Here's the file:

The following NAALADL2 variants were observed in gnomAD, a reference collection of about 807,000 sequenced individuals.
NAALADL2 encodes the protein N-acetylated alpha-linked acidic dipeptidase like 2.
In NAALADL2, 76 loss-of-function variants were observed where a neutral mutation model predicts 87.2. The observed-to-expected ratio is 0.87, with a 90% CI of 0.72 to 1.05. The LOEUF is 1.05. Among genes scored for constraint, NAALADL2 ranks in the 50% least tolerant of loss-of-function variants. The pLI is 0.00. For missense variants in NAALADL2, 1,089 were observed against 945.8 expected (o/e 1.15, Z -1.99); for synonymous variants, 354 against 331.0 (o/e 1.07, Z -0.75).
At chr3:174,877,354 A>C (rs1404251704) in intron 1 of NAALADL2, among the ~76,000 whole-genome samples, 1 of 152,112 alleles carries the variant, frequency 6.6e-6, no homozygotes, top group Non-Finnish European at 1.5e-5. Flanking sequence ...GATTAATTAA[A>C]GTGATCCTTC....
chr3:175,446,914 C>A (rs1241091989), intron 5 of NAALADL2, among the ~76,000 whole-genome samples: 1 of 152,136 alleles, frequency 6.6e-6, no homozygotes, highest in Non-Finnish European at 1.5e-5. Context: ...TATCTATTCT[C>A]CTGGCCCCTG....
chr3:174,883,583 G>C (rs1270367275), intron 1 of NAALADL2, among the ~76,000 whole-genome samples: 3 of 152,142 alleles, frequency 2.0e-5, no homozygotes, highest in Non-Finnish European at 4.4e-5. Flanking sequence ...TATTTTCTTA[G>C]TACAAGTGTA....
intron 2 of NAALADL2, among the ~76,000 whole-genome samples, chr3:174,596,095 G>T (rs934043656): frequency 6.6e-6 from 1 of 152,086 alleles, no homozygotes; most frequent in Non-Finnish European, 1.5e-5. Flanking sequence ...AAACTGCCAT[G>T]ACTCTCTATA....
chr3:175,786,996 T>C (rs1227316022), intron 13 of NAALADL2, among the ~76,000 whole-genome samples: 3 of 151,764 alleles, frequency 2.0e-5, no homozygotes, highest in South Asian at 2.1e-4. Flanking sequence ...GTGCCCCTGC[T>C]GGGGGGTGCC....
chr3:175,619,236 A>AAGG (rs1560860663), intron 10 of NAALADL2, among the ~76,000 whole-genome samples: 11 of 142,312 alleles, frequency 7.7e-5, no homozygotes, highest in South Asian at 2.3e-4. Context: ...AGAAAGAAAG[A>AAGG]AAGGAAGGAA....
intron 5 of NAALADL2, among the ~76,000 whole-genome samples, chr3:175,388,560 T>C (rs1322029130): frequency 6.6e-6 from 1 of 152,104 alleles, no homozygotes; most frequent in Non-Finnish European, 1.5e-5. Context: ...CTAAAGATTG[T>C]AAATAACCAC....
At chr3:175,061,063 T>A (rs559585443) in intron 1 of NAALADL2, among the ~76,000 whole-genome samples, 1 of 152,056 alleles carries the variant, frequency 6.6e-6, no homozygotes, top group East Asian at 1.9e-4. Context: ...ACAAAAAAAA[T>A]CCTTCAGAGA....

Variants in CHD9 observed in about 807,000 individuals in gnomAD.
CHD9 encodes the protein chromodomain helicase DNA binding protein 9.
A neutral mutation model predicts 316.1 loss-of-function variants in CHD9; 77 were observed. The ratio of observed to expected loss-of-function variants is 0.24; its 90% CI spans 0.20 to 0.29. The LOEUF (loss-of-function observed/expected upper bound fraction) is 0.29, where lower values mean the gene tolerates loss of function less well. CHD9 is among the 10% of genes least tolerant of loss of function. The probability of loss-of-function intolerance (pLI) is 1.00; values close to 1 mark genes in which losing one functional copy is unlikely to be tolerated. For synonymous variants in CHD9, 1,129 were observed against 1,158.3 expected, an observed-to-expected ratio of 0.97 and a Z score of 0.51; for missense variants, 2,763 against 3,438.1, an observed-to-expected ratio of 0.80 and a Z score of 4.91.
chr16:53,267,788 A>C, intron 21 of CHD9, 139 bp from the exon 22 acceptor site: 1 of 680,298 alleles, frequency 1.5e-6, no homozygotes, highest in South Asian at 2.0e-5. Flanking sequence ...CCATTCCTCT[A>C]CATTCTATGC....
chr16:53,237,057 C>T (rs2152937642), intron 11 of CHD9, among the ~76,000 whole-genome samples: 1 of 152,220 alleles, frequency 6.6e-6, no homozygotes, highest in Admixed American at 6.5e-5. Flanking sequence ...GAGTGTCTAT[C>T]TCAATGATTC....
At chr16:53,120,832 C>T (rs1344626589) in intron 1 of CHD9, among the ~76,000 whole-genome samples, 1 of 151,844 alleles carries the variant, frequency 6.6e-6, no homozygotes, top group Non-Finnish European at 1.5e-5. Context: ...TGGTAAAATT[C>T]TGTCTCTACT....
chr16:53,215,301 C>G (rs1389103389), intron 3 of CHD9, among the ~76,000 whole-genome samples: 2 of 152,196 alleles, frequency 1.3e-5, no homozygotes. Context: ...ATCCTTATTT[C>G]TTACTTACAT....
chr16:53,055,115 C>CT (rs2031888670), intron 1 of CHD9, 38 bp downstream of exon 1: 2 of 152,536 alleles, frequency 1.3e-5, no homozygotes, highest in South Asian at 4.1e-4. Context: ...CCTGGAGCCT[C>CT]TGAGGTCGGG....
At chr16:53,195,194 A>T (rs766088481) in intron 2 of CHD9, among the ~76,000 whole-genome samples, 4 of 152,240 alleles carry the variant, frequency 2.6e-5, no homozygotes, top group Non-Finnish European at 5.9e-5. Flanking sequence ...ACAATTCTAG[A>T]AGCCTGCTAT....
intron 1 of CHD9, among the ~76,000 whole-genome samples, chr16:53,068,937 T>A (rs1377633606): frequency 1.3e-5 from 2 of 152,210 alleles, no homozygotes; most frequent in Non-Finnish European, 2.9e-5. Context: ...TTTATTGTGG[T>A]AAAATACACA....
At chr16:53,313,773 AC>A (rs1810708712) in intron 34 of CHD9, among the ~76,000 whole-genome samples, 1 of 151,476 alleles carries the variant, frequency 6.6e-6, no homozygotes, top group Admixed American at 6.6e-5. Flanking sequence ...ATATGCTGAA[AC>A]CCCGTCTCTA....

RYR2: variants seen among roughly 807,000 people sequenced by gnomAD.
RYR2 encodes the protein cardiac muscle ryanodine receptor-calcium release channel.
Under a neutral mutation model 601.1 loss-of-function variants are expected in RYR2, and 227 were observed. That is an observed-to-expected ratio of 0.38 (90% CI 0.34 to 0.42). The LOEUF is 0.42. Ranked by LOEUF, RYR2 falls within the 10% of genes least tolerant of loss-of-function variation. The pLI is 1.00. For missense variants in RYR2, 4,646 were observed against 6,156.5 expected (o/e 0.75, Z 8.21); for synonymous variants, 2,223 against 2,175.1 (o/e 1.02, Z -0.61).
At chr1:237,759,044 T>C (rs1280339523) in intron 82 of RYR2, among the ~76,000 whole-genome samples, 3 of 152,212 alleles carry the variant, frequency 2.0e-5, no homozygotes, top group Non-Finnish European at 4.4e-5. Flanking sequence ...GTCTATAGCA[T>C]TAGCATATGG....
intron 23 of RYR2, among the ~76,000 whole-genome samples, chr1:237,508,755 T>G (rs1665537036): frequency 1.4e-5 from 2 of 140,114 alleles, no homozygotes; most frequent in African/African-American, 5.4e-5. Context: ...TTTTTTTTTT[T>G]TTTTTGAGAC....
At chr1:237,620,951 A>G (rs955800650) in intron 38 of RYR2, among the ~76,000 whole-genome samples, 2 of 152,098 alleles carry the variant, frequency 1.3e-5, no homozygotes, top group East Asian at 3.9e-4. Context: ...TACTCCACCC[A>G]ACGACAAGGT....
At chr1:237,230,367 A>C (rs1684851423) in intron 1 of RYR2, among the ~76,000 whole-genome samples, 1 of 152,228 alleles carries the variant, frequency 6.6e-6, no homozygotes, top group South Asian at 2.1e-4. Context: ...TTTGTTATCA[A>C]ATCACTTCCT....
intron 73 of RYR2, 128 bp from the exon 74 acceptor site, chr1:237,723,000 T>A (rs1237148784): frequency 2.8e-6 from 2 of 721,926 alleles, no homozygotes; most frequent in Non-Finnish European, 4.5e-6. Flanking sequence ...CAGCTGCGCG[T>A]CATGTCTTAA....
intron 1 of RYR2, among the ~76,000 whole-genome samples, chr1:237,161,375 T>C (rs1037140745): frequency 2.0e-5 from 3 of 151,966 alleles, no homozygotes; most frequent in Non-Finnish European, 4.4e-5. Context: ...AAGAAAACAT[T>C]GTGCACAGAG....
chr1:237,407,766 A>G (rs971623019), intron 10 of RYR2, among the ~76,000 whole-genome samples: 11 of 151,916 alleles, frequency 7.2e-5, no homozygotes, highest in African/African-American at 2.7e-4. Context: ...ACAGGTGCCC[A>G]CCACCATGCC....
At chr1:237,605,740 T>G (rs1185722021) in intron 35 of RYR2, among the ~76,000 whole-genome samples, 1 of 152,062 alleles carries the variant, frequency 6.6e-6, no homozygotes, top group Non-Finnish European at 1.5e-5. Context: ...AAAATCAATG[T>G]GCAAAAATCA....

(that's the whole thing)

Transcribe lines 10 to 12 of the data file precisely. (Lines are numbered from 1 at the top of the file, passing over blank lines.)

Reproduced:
intron 5 of NAALADL2, among the ~76,000 whole-genome samples, chr3:175,388,560 T>C (rs1322029130): frequency 6.6e-6 from 1 of 152,104 alleles, no homozygotes; most frequent in Non-Finnish European, 1.5e-5. Context: ...CTAAAGATTG[T>C]AAATAACCAC....
At chr3:175,061,063 T>A (rs559585443) in intron 1 of NAALADL2, among the ~76,000 whole-genome samples, 1 of 152,056 alleles carries the variant, frequency 6.6e-6, no homozygotes, top group East Asian at 1.9e-4. Context: ...ACAAAAAAAA[T>A]CCTTCAGAGA....

Variants in CHD9 observed in about 807,000 individuals in gnomAD.